Record or Not, It's Time to Give Him a Break

Gene Murphy moseyed over to Griswold's Hotel in Fullerton for his usual Monday lunch. He looked at his food. He pushed it away. He turned to the person next to him.

"Might be poisoned," he said.

Later on, Murphy was out strolling on campus at Cal State Fullerton, a buddy walking alongside. He advised the guy to move a few feet away.

"Better watch out for flying shrapnel," he said.

Gene Murphy has become college football's man of the hour--and he hopes the hour is almost up. He has gotten nasty phone calls. He has gotten lousy publicity. He finds himself making apology after apology.

And the football team he coaches won last Saturday's game, 45-10!

Did Murphy suddenly become unpopular because he left his star players on the field to run up the score on a poor, helpless dog of an opponent?

No, Murphy suddenly became unpopular because he took his star player out of last Saturday's game, too damned soon.

"I'm turning into Secretariat," he said.


"Yeah," Murphy said. "They're kicking a dead horse."

If ever a guy doesn't deserve such treatment, it is Murphy. Good thing he has kept his sense of humor. Without it, the last couple of days might have been even worse than they seemed.

Murphy, 50, has been good for Fullerton football. He has been there for the Titans during times when hardly anybody sat in the stands, and during times when the university didn't even have any stands. He was there in 1984 when their final record was 11 wins, one defeat.

Gene Murphy is a genuinely good guy who looks out for the best interests of all his players--not just first-stringers and big men on campus, but third-stringers and anxious kids who would kill for a chance to get three minutes of playing time.

The coach was dying to send some of those guys into the game against Nevada Las Vegas after Fullerton had taken a 27-0 halftime lead. But the starters blew that big lead and had to stay in the game. Then he wanted to use them in the Pacific game, after Fullerton had shot out in front, 35-7. Next thing Murphy knew, though, the score was 35-26. The subs were stuck on the sideline, as usual.

So, last Saturday, when winless, hapless, hopeless New Mexico State came to Santa Ana Stadium, Murphy finally saw some daylight.

His team was ahead, 45-10. Only about a minute remained. He left senior Mike Pringle in the lineup long enough to smash the school-record rushing total of 301 yards, which the 5-foot-10, 185-pound running back did with a 67-yard bolt that put him within five measly yards of the NCAA's all-time record of 357, set by Washington State's Rueben Mayes.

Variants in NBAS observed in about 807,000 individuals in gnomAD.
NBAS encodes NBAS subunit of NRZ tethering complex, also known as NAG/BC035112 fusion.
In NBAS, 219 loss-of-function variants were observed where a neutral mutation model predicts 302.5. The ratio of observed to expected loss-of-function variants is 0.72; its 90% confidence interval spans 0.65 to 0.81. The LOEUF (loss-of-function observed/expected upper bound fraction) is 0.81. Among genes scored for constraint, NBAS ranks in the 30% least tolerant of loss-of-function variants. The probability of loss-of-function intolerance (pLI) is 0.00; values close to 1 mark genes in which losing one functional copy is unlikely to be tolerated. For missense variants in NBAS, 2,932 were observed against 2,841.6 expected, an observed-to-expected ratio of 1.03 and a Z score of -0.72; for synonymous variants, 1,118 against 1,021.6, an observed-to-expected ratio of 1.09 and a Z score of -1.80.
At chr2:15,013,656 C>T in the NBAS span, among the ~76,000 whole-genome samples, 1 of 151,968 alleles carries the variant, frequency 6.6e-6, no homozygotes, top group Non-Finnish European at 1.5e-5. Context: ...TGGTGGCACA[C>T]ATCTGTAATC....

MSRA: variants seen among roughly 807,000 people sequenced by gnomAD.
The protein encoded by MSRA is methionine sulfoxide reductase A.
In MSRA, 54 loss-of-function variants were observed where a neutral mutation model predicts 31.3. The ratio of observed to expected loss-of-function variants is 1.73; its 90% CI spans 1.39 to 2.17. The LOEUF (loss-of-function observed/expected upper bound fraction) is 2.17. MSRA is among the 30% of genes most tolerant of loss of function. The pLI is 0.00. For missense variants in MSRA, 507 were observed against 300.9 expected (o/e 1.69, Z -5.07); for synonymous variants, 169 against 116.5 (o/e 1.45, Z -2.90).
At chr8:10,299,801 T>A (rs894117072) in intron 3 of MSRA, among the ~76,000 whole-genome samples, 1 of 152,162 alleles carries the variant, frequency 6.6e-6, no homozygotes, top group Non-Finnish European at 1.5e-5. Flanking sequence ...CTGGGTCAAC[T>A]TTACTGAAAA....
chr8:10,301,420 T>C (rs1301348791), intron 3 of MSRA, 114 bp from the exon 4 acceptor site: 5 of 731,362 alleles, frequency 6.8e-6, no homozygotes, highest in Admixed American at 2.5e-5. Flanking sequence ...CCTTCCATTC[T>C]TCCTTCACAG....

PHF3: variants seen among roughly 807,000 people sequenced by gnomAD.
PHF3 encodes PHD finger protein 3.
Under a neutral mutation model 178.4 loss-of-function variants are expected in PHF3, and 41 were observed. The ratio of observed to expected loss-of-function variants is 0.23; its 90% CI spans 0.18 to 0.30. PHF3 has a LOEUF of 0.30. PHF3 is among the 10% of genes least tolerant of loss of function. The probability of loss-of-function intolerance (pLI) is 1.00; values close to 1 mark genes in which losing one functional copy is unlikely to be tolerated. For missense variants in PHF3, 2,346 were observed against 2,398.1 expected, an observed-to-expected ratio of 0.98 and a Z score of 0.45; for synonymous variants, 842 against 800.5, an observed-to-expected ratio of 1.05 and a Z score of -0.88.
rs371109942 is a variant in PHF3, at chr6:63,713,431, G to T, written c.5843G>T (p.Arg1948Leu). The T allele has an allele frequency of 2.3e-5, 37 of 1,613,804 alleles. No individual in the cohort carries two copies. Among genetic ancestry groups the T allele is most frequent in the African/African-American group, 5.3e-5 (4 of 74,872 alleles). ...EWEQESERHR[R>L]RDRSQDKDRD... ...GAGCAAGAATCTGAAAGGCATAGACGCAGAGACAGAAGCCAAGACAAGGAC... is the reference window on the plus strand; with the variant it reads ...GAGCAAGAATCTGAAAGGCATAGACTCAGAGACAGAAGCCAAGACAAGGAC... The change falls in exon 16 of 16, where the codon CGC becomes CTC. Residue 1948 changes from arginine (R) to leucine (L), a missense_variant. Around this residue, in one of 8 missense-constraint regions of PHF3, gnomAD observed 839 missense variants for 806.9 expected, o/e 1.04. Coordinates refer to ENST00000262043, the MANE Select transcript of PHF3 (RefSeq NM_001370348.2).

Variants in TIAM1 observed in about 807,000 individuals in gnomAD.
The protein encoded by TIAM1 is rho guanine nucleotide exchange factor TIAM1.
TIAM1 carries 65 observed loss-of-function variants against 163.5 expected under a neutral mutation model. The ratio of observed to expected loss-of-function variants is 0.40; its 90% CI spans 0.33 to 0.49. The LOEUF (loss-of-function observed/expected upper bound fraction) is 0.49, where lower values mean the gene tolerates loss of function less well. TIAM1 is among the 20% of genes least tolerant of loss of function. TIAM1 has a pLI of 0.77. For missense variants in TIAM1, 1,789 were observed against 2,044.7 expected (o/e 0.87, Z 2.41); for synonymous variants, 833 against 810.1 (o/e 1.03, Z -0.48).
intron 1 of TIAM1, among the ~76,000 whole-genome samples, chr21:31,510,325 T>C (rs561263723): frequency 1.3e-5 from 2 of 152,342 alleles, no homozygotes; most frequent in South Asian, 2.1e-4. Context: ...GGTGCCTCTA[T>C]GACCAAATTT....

Pringle, by coincidence a transfer from Washington State, seemed satisfied. He had had a big day. However, in the mad scramble of the last minute, it came to the coaching staff's attention that Pringle needed only five more yards to become, well, somewhat immortal. All they had to do was send Pringle back in.

Murphy, trusting his instincts, kept Pringle right where he was. He played the subs.

He was a little bit like a Little League coach who didn't care what the outcome was, as long as everybody got a chance to play. Only in this case, even the outcome was in Fullerton's favor.

Well, you'd have thought the poor soul had thrown Pringle off the team, or blown the game with a bum call, or put the school on probation by mailing $1,000 to a recruit.

"Gee, I'm sorry for what I did," Murphy said Monday. "But it wasn't anything malicious."

He apologized to Pringle. He called up Pringle's mother and apologized to her. Fullerton's players, particularly the offensive linemen, felt bad that they hadn't broken the record. The running back who replaced Pringle in the lineup felt bad about robbing his teammate of the chance of a lifetime. Even the New Mexico State coach said he would have put Pringle back in the game.

Murphy knew when he was beaten, even when he wasn't beaten.

"I'm sorry for all the upheaval and furor this has caused," Murphy said. "If I had it to do over again, I'd let him get his six yards. I thought what I was doing was for the team. I'd never want to do anything to hurt the team."

And now, the O. Henry twist to the story:

Mike Pringle did get the record. Fullerton's people studied the game films and found five extra yards. Seriously . On one Pringle carry, the statistician mistook the 43-yard line for the 38, shorting Pringle five yards. So Monday afternoon, Pringle found out he was the leading one-game rusher of all time, tied with Mayes. It took him three days to get his 357 yards, but a record's a record.

And his coach, Secretariat?

He's down.

Let's help him up.

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